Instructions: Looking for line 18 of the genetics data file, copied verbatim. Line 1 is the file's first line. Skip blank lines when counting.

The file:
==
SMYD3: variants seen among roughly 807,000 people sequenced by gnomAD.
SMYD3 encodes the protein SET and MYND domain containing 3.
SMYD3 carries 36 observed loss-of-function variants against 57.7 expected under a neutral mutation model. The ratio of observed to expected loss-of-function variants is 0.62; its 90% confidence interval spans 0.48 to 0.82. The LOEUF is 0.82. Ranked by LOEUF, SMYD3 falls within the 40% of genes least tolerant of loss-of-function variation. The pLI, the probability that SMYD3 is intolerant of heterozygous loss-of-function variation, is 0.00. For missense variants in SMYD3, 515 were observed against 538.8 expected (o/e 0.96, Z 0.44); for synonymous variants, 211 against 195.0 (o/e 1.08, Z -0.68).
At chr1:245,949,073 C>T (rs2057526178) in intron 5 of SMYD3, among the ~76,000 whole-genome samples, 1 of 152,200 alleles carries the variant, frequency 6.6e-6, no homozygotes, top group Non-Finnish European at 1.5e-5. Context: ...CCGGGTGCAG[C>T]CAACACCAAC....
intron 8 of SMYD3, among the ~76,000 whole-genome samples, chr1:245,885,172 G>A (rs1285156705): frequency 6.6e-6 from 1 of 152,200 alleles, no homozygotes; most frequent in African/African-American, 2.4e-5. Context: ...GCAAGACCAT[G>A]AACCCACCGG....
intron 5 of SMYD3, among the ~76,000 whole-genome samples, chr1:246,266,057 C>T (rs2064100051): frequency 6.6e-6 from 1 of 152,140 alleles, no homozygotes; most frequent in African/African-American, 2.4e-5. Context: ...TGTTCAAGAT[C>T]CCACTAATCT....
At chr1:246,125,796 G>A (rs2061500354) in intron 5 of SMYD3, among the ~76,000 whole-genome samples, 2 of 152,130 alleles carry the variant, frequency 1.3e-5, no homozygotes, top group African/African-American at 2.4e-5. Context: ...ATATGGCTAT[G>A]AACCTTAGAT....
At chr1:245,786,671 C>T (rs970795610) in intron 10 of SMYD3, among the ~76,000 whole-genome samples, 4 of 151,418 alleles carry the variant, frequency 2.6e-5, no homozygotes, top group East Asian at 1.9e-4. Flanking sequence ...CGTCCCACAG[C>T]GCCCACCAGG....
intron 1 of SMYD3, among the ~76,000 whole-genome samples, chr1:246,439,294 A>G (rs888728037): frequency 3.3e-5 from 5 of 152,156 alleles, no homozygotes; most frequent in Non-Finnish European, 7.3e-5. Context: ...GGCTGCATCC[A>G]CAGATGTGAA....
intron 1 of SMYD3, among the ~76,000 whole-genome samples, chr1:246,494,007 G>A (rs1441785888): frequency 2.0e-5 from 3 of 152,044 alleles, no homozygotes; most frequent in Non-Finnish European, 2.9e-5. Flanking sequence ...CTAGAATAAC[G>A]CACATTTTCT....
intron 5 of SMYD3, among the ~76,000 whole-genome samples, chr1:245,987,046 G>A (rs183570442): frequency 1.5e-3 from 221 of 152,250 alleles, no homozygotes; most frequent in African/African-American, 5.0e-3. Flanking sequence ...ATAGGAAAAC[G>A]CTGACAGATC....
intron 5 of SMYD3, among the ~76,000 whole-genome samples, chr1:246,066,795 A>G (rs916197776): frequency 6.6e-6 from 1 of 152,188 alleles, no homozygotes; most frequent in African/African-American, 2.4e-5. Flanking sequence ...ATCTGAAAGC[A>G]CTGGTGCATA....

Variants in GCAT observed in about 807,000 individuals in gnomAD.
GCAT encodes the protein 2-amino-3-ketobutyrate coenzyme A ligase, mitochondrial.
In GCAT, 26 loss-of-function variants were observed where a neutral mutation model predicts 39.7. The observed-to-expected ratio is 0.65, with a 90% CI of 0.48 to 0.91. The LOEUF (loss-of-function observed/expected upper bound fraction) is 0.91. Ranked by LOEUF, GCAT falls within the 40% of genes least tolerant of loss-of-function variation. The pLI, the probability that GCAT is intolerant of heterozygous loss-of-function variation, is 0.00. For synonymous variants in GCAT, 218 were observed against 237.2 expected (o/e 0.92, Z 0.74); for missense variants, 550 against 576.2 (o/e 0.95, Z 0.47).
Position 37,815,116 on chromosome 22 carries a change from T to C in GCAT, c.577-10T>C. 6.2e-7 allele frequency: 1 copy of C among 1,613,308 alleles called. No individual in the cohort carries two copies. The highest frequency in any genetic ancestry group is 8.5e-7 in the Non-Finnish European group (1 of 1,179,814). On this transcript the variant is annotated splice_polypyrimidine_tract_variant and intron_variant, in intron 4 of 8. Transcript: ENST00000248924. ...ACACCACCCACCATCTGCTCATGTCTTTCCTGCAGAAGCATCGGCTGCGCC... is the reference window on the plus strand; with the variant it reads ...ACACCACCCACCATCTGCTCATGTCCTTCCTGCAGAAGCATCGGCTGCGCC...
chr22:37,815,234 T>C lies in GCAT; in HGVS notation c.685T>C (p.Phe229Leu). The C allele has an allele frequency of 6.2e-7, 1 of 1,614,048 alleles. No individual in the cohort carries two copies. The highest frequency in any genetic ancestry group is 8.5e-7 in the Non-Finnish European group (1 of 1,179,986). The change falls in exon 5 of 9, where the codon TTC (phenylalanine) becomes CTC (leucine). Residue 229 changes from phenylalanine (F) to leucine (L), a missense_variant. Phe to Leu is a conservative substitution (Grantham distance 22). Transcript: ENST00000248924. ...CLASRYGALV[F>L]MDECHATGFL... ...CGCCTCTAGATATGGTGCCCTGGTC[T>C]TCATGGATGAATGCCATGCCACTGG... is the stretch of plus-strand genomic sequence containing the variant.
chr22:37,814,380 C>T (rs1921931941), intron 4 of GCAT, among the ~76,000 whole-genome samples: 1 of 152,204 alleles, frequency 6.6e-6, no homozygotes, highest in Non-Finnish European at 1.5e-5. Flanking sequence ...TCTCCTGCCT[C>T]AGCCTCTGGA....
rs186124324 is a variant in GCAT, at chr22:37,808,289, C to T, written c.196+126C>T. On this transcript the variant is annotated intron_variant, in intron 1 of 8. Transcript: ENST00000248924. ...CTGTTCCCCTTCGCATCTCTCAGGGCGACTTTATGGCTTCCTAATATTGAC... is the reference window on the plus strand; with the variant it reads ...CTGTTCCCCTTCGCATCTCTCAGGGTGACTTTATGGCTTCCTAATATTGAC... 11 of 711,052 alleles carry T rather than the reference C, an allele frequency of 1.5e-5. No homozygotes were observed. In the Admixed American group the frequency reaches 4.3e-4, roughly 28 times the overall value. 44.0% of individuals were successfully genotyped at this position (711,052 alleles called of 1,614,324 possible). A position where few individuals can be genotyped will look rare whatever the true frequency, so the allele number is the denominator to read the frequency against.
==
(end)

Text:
chr22:37,814,380 C>T (rs1921931941), intron 4 of GCAT, among the ~76,000 whole-genome samples: 1 of 152,204 alleles, frequency 6.6e-6, no homozygotes, highest in Non-Finnish European at 1.5e-5. Flanking sequence ...TCTCCTGCCT[C>T]AGCCTCTGGA....